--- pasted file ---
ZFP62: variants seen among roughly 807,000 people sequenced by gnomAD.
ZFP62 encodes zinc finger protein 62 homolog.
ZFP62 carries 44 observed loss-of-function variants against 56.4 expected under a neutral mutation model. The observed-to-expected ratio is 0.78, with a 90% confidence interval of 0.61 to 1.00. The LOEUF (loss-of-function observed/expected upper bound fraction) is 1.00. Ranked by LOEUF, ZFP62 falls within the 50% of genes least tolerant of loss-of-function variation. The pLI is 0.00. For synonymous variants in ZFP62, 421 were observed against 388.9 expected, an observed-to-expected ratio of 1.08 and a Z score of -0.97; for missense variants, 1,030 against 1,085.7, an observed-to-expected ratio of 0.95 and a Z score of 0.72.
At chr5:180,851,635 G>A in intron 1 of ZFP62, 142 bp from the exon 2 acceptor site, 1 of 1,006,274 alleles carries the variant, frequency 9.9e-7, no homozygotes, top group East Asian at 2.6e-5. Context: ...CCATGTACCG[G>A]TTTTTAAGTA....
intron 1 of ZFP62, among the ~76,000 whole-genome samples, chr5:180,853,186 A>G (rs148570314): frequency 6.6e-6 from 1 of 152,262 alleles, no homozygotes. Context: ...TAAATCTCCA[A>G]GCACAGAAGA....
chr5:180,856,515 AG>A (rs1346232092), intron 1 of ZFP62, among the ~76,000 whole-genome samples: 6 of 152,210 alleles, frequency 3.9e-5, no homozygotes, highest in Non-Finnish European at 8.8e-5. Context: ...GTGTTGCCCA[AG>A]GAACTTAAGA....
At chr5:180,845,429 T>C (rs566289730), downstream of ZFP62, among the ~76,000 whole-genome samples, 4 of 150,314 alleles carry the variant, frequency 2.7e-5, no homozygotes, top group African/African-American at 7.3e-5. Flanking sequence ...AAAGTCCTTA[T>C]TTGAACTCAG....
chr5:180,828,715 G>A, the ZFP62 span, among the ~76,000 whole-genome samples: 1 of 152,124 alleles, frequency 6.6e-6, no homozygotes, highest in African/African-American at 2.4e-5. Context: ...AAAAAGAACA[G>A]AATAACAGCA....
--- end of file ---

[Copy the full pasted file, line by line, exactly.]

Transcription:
ZFP62: variants seen among roughly 807,000 people sequenced by gnomAD.
ZFP62 encodes zinc finger protein 62 homolog.
ZFP62 carries 44 observed loss-of-function variants against 56.4 expected under a neutral mutation model. The observed-to-expected ratio is 0.78, with a 90% confidence interval of 0.61 to 1.00. The LOEUF (loss-of-function observed/expected upper bound fraction) is 1.00. Ranked by LOEUF, ZFP62 falls within the 50% of genes least tolerant of loss-of-function variation. The pLI is 0.00. For synonymous variants in ZFP62, 421 were observed against 388.9 expected, an observed-to-expected ratio of 1.08 and a Z score of -0.97; for missense variants, 1,030 against 1,085.7, an observed-to-expected ratio of 0.95 and a Z score of 0.72.
At chr5:180,851,635 G>A in intron 1 of ZFP62, 142 bp from the exon 2 acceptor site, 1 of 1,006,274 alleles carries the variant, frequency 9.9e-7, no homozygotes, top group East Asian at 2.6e-5. Context: ...CCATGTACCG[G>A]TTTTTAAGTA....
intron 1 of ZFP62, among the ~76,000 whole-genome samples, chr5:180,853,186 A>G (rs148570314): frequency 6.6e-6 from 1 of 152,262 alleles, no homozygotes. Context: ...TAAATCTCCA[A>G]GCACAGAAGA....
chr5:180,856,515 AG>A (rs1346232092), intron 1 of ZFP62, among the ~76,000 whole-genome samples: 6 of 152,210 alleles, frequency 3.9e-5, no homozygotes, highest in Non-Finnish European at 8.8e-5. Context: ...GTGTTGCCCA[AG>A]GAACTTAAGA....
At chr5:180,845,429 T>C (rs566289730), downstream of ZFP62, among the ~76,000 whole-genome samples, 4 of 150,314 alleles carry the variant, frequency 2.7e-5, no homozygotes, top group African/African-American at 7.3e-5. Flanking sequence ...AAAGTCCTTA[T>C]TTGAACTCAG....
chr5:180,828,715 G>A, the ZFP62 span, among the ~76,000 whole-genome samples: 1 of 152,124 alleles, frequency 6.6e-6, no homozygotes, highest in African/African-American at 2.4e-5. Context: ...AAAAAGAACA[G>A]AATAACAGCA....